Development in Face Recognition can be designated as “Fast & Furious” with improved performance and broader acceptance in different application over the last decade. Comes with this is the question about the violation of privacy by the user of face recognition. I will pen my thoughts on this in a separate article and focus only on the generic use of finding people using face recognition.
The Law Enforcement Agency (LEA) is the traditional user of face recognition. In recent years, we saw the application of face recognition in payment, customer service, access control, and time attendance. While finding people remains the same, the application differs depending on the type of user.
Face recognition can be broadly classified as either 1:1 or 1:N. In 1:1, an individual’s face is used to compare against who this individual claims to be against the database’s stored record. In 1:N, an individual’s face is used to search against the database to find the closest match. In the 1:N scenario, N’s value could be 10s, 100s, 1,000s, or a few million records.
The ability to find people is crucial for using face recognition in LEA and the most common application is in immigration, city surveillance or when verifying someone’s identity. For LEA, the techniques are often more comprehensive and complex, not limiting to face recognition. I have written an article “Layered City Surveillance” some time back on this matter.
Apart from considering technology adaptation, human factors are another consideration that affects such a project’s outcome. It directly affects the effectiveness of LEA in finding people or performing their investigative work. Human in Human Factors refers to both people who use the system and people LEA is trying to find.
When running the first face recognition project for Singapore’s homeland ministry more than ten years ago, we focus solely on the technology aspect. For every ground challenge, we seek an answer from the technology aspect, which is not a holistic approach. Fortunately, the attention generated by face recognition in recent years increases human factors’ awareness among the face recognition system’s implementor.
In any industry, there’s likely to be a counterforce developed to render the use of specific technologies or techniques ineffective.
- Electronic Counter Measures — Electronic Counter Countermeasures
- Cyber Attack — Cyber Defense
- Unstoppable Force Paradox, which is also Shield & Spear Paradox
I was an Electronic Warfare Specialist when servicing my regular service in the Republic of Singapore Navy. ESM, ECM, ECCM was what I am dealing with constantly for my work.
Thus, it’s natural to have anti-face recognition to defeat its effectiveness when face recognition is gaining popularity. On the same note, there will also be anti-anti-face recognition techniques, and it just keeps going. There are a lot of methods floating online that said to render the use of face recognition ineffective. It ranges from Make-up, Markings on the Face, Anti-CCTV Glasses. I remember seeing a transparent glass technology that aims to spoof face recognition in recognising an individual’s correct identity.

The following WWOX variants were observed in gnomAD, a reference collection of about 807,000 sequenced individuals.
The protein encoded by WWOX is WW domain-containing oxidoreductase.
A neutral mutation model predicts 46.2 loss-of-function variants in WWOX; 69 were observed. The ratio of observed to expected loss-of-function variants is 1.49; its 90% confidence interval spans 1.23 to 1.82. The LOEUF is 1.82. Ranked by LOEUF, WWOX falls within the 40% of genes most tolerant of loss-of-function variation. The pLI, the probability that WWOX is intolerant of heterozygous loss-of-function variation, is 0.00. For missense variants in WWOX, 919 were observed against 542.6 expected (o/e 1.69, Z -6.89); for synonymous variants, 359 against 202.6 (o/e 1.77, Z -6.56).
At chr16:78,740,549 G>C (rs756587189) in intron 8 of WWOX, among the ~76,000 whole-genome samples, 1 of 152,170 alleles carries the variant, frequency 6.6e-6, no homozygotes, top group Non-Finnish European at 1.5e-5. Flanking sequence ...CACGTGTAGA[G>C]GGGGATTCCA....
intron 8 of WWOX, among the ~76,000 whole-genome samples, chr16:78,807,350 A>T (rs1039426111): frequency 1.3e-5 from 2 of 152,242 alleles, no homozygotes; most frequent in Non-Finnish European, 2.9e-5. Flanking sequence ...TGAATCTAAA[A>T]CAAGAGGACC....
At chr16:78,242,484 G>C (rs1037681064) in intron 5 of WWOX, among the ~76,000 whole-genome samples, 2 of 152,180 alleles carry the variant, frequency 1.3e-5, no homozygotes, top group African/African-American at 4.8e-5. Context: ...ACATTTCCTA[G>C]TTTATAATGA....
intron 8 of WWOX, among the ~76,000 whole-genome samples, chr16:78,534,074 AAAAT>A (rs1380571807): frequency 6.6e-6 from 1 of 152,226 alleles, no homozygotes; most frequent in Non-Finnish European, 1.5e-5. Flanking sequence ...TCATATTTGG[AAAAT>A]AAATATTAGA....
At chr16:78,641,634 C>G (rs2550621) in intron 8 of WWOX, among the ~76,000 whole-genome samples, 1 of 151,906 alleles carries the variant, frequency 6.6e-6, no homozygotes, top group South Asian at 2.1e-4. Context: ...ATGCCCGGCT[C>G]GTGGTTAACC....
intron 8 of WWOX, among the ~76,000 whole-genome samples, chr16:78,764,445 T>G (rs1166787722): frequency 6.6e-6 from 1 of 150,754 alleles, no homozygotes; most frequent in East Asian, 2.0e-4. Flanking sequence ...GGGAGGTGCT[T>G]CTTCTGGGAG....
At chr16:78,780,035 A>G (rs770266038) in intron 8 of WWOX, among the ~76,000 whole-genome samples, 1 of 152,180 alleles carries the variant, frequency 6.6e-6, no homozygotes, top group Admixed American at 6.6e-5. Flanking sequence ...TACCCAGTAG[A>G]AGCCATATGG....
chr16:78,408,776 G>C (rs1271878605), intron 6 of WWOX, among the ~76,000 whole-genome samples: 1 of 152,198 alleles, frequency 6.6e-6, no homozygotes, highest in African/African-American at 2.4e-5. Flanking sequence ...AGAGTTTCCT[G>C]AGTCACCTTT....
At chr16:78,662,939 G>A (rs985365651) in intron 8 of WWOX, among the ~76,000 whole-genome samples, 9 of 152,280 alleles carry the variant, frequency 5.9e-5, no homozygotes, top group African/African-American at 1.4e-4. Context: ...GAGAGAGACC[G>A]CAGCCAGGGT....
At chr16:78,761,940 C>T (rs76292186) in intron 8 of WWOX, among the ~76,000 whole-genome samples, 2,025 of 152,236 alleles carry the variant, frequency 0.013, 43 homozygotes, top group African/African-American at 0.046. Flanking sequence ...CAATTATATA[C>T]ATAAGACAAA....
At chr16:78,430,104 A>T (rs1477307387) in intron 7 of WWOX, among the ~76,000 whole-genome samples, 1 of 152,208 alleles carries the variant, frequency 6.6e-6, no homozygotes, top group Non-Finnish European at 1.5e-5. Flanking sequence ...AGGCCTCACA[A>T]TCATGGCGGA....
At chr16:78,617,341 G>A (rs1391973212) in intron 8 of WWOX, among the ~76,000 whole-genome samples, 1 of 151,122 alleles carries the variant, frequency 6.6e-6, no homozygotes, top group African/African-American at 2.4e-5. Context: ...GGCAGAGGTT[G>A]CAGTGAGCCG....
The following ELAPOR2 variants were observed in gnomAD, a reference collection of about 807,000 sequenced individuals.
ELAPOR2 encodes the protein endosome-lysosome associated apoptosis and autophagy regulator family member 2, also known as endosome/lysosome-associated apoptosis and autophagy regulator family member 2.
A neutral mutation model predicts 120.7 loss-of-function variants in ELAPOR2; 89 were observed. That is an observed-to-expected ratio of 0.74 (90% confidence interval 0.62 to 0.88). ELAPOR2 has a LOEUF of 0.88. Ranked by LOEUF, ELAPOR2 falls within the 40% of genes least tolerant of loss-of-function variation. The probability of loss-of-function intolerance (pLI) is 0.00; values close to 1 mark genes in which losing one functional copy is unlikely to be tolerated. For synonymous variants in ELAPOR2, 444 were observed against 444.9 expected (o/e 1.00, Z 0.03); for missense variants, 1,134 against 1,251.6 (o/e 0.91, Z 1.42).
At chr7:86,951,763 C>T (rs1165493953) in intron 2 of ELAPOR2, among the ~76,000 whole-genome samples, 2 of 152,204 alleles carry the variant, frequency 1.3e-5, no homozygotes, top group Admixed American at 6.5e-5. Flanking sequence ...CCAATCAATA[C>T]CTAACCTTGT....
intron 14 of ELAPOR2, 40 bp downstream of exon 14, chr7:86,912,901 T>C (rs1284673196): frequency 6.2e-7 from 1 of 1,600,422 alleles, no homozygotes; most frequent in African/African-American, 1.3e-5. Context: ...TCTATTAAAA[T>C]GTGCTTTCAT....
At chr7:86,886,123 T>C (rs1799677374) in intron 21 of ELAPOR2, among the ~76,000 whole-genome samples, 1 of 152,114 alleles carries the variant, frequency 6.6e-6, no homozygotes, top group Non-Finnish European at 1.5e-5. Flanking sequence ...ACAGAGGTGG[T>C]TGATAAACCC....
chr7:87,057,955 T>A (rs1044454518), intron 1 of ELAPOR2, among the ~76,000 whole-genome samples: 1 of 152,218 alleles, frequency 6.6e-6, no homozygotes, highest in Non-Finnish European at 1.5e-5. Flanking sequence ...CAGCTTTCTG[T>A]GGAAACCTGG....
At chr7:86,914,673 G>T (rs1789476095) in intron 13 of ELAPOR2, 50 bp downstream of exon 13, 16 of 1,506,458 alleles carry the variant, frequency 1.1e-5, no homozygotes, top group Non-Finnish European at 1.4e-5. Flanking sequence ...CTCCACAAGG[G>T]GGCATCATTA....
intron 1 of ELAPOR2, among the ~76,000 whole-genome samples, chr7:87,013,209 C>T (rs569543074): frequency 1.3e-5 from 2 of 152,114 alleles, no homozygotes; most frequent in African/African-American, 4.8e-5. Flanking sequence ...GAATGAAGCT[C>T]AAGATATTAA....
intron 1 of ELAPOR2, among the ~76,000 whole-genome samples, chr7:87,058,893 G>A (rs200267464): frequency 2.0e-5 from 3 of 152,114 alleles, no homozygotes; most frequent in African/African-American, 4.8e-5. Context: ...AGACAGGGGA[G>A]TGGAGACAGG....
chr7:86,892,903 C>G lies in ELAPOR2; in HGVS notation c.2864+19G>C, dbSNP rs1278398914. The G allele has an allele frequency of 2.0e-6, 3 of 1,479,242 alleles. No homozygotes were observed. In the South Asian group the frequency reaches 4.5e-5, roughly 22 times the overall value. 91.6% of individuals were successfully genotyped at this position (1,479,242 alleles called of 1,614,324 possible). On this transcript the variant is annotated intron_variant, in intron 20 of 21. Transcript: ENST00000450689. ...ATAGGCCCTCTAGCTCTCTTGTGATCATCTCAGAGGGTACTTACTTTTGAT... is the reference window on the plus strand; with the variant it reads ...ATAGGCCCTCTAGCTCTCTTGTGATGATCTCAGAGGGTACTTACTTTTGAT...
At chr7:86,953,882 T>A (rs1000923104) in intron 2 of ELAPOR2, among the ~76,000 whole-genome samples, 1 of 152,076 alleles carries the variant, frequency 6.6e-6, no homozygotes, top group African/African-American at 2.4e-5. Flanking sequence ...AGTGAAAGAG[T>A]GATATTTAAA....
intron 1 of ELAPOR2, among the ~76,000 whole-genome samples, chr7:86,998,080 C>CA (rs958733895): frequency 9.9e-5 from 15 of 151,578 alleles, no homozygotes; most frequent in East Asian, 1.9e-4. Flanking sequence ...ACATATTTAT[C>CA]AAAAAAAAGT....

Some of the face recognition’s key strength includes non-intrusive and the ability to have a long standoff range. In theory, as long as the image sensor has a clear sight of the person’s face, face recognition can use that image to perform matching against the database. The question is, why are we so focus solely on the face when there are other biometric and non-biometric signatures that an individual is exhibiting and can be taken non-intrusively?
- Clothing, bag, headgear, body markings, etc., can be unique to a group that an individual is associated with.
- Each of us walks in a specific manner or pattern. To search for an individual gait can also be used. Gait Abnormality can be derived and learn to detect abnormal, which potentially include neurologic disorder, state of duress, etc.
- The mobile device is now our extended identity, and we basically cannot travel without them. These devices emit a specific signature that LEA can use to identify an individual.
The development of anti-facial recognition techniques and method support such a trend from increased awareness of such technology and evasive techniques makes finding people using face recognition more difficult. While face recognition technology will find its way to counter this, the other camp will also fight back.
I am leveraging on a famous quote by IRA after failing to murder Margaret Thatcher in the Brighton Bomb.
“Today, we were unlucky, but remember we only have to be lucky once — you will have to be lucky always.”
We can now turn the table around using this analogy. While someone with ill-intent might conceal one’s identity by hiding face and doing all sorts of concealment, they need to hide all that they can from sight. While they need to hide everything, a holistic platform need to detect only one signature to increase the probability of getting that person.
There’s more than a way to find an individual apart from finding their face.